Wyoming students learn Deer Hunting 101 in Oconto County

OCONTO COUNTY, Wis. (WBAY) - Wisconsin hunting is steeped in tradition. Deer camp stories become legend and are carried down through generations. Some Wyoming college students have traveled 1,200 miles to learn about the tradition on the hallowed hunting grounds of Oconto County.

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Their teacher is Dr. Scott Weslow. The Aurora BayCare cardiologist loves being in the woods. Weslow and his daughter, Juliette, hunt together on their family land in Oconto County.

"Hunting is something you can learn a lot from," says Dr. Weslow. "It's a very educational experience, and it builds a lot of character, and I think you can develop a lot of good qualities like patience and fortitude."

Juliette moved away to attend classes at Wyoming Catholic College. It's not a place to find white-tailed deer.

Her enthusiasm for hunting inspired the college to agree to a trip for a group of students to spend a week in Oconto County learning how to hunt.

"It's great just to be back and do it again with having him here and back on our land where it all started for me, and it's now starting for my friends as well," says Juliette.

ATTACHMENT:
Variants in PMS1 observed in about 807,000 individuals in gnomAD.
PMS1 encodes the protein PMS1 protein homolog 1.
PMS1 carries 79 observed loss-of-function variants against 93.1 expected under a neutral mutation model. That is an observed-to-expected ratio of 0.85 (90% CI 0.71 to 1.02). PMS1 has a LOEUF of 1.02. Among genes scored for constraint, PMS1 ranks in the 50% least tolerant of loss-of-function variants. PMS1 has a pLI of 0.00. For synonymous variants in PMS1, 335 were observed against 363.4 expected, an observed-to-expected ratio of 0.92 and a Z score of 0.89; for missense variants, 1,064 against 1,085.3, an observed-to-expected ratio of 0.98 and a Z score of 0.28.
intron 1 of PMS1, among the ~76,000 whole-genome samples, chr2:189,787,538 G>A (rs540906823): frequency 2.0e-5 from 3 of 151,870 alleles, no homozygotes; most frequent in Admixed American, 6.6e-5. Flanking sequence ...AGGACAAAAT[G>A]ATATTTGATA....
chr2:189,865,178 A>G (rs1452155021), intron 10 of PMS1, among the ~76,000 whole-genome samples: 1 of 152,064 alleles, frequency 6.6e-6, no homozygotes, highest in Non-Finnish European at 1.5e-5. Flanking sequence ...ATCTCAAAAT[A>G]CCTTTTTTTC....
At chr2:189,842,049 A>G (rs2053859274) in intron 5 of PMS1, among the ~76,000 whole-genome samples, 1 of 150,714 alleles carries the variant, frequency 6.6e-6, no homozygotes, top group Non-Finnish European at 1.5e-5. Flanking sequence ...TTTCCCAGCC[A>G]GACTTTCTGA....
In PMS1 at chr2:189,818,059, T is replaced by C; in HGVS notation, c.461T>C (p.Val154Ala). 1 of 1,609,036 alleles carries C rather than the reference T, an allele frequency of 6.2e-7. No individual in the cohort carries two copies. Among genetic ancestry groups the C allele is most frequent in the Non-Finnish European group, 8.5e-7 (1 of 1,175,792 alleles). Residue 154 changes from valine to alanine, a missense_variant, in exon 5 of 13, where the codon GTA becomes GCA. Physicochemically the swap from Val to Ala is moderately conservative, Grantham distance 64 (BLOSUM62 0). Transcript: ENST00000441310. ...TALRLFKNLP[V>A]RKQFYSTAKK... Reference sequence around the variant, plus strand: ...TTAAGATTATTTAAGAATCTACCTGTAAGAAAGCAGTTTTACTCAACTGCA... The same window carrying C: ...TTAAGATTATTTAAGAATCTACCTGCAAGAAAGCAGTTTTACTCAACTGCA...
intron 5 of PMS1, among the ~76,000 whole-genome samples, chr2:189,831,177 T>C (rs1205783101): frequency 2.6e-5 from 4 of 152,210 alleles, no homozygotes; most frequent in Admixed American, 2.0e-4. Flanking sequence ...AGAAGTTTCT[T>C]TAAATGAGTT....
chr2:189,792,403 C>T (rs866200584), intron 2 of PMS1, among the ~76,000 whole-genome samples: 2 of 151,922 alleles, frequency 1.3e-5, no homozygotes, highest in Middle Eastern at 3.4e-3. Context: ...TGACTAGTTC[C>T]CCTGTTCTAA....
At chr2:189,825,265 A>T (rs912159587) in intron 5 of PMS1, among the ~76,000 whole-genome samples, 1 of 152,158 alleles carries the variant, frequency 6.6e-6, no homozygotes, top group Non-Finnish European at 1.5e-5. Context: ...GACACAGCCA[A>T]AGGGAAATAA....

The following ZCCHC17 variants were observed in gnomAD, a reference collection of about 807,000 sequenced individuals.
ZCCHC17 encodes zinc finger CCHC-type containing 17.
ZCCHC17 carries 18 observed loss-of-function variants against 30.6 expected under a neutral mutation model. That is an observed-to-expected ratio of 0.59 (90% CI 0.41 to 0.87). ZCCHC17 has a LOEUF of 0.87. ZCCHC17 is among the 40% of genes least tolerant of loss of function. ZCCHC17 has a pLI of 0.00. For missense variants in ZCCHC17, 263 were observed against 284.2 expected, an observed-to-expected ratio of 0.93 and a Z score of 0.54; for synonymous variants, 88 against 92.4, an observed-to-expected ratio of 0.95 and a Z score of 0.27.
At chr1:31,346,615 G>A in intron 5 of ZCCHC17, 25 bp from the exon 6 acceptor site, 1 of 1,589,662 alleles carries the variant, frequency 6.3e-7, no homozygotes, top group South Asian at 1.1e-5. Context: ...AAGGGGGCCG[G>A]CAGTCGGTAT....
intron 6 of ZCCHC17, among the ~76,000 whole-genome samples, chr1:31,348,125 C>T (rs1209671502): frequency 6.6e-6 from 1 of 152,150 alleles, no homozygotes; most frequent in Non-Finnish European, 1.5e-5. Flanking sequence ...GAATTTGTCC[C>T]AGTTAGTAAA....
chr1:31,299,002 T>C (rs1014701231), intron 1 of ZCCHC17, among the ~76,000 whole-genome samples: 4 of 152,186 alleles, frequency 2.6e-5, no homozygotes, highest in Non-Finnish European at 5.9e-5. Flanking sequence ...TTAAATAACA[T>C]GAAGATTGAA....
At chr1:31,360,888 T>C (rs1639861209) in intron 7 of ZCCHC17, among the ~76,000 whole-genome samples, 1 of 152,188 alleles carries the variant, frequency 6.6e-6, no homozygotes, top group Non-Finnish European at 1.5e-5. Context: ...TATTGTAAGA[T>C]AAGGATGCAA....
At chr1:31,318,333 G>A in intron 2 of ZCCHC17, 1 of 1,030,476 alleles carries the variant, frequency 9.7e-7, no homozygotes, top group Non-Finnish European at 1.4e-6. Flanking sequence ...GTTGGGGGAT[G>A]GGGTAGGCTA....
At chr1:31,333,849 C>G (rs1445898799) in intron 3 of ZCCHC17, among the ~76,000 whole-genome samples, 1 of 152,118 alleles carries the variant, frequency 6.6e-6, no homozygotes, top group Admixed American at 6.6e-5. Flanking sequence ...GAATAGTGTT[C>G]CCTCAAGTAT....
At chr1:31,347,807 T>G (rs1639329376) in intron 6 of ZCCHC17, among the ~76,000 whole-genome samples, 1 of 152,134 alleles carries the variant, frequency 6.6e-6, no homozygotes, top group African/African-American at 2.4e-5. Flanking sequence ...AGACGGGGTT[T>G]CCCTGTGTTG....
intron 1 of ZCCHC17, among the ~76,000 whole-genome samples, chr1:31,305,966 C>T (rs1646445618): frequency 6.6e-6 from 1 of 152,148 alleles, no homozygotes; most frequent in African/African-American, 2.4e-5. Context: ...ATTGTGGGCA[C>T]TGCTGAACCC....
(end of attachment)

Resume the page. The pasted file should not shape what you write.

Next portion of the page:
The liberal arts school has a keen interest in the outdoors. Students take outdoors trips each semester and receive grades for their work.

"The college believes in educating the mind, body and spirit, not just the mind that so many colleges do, and these outdoor experiences are really a large part of that body and spirit education," says Dr. Weslow.

Dr. Weslow teaches everything from shooting a bow to processing meat.

"All the trips have skills they learn how to do. All the skills have challenges, because you have to push yourself," says Father Paul Ward, chaplain, Wyoming Catholic College. "None of them are really easy, and a lot of virtues involved in that, and you see students stepping up to the plate and growing in wonderful ways."

It's the first bow hunting experience for junior Grace Klein. The Oregon native is no stranger to the woods, but it's her first time learning the skills for deer hunting.

"It's kind of exhilarating," Klein says.

Dr. Weslow says, "That to me, gives me the most pleasure. To be able to give somebody that first experience, like I gave to my kids years ago, that's what owning land like this is really all about is sharing it."

Juliette Weslow says, "It's really changed me in so many ways, so I just love to see people experience how it is different from anything else you do in the woods."

Freshman Hiram Gleason has hunted several times -- even bagging a doe and a buck. He's still learning important lessons from this outdoor class.

"You're not in control out there. You can try to be in control, can do all the right things, but it really comes down to what almost seems to be luck," says Gleason.

Grace Klein is on a mission.

"Actually, the other day, I was like.. I will not quit hunting until I shoot a buck," says Klein.